# What is actually the characteristic length in fluid dynamics description?

In many fluid-dynamics models and quantities (Reynolds number, Strouhal number... generally various turbulent flow descriptions) there is a parameter (usually $L$ or $\ell$) descripted as characteristic linear dimension or characteristic length. What is that in intuitive and physical meaning? I understand the typical examples (hydraulic diameter etc.) but I can't see so far any systematic generalisation.

What is the definition? (Or, maybe: What is its role during the derivation?)

• Similar post over at Engineering.SE: engineering.stackexchange.com/questions/5713 – Kyle Kanos Jan 21 '16 at 13:00
• Thanks, that is the nice one. Still I think the question should be here as well. – Victor Pira Jan 21 '16 at 13:02
• I read through the answers in that other post. Ben Trestle offers the best answer in my opinion, and I believe if you read through that you'll agree it answers yours. – docscience Jan 21 '16 at 15:41

As you may have read in my other answer, generally the smallest length scale is the characteristic length scale because the gradients there are usually the largest, generating most of the mass, heat or momentum transport. On the other hand, in dynamic systems where heat, mass or momentum hasn't been transported over a physical dimension (length, width, height) yet, the length scale is defined by the dynamics of the system. For example, in the case of semi-infinite diffusion, there is obviously no physical dimension to the system since it is infinite, but there is a (time-dependent) characteristic length defined by the growing of the diffusion boundary layer $\delta=\sqrt{\pi D t}$.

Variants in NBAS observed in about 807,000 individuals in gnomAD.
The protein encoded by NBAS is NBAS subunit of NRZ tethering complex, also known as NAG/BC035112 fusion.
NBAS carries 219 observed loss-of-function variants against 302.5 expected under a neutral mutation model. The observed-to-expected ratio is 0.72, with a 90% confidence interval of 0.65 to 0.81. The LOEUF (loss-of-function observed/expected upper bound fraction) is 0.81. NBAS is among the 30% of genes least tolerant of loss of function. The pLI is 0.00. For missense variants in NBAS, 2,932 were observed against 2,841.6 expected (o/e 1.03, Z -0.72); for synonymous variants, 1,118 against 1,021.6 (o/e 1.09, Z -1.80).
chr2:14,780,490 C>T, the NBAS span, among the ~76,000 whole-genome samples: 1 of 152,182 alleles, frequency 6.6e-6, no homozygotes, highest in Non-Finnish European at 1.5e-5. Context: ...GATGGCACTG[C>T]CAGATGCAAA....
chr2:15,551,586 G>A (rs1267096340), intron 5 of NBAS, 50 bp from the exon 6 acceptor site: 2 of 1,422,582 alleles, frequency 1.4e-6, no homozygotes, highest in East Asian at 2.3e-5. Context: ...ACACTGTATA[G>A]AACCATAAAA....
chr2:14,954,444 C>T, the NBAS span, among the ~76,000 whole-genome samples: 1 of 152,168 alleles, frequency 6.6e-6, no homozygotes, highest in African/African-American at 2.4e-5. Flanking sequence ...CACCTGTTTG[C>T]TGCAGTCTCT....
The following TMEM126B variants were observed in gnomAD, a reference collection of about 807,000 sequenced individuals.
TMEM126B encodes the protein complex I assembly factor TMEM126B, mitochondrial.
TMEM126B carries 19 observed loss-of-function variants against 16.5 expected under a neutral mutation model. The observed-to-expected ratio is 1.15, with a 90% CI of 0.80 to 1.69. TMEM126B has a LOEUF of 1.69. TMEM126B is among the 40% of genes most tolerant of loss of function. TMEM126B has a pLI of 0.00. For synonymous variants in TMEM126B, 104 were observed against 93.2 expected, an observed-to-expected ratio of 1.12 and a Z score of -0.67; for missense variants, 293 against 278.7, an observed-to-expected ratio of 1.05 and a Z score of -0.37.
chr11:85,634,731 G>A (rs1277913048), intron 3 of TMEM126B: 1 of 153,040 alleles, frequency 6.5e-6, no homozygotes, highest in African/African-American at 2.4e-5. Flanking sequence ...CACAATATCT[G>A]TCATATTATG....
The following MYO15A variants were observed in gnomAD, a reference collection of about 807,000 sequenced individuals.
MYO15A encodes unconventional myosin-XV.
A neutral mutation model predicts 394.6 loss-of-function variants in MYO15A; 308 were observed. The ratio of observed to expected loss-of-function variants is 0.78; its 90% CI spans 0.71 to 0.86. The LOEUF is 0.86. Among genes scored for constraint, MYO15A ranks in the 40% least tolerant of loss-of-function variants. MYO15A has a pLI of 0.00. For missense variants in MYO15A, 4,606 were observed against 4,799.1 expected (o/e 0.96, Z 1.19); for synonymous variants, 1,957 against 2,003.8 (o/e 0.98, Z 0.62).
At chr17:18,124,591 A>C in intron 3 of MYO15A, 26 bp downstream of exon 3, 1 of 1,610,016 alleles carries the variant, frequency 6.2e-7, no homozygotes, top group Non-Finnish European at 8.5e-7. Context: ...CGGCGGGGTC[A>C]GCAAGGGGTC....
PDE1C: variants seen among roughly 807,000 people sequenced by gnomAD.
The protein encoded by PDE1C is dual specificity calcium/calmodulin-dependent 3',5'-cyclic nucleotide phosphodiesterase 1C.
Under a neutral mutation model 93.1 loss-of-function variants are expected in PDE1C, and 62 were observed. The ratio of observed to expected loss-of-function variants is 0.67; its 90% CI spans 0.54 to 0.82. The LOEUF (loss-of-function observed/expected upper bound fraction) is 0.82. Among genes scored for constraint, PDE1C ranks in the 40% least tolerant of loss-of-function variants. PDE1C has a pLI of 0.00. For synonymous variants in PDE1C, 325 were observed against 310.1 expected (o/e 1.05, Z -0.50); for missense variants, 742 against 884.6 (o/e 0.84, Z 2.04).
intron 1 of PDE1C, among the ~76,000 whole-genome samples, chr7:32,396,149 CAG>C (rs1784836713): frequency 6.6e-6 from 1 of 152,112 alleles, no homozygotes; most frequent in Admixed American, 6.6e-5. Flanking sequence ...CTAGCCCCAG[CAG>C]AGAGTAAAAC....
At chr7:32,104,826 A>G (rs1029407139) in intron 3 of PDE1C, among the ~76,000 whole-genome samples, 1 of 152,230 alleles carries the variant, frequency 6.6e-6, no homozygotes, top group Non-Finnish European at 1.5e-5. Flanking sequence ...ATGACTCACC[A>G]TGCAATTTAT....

Not wanting to go into too much mathematical detail, a characteristic scale is a scale which when used to non-dimensionalize its respective physical quantity, all terms in the dynamic equations become $O(1)$ or less; in that sense a characteristic scale is the maximum value that quantity can have (within an order of magnitude). This can be useful if you need back-of-the-envelope estimates of some quantities but the dynamic equations are difficult (or impossible) to solve. An example of this can be found in this answer.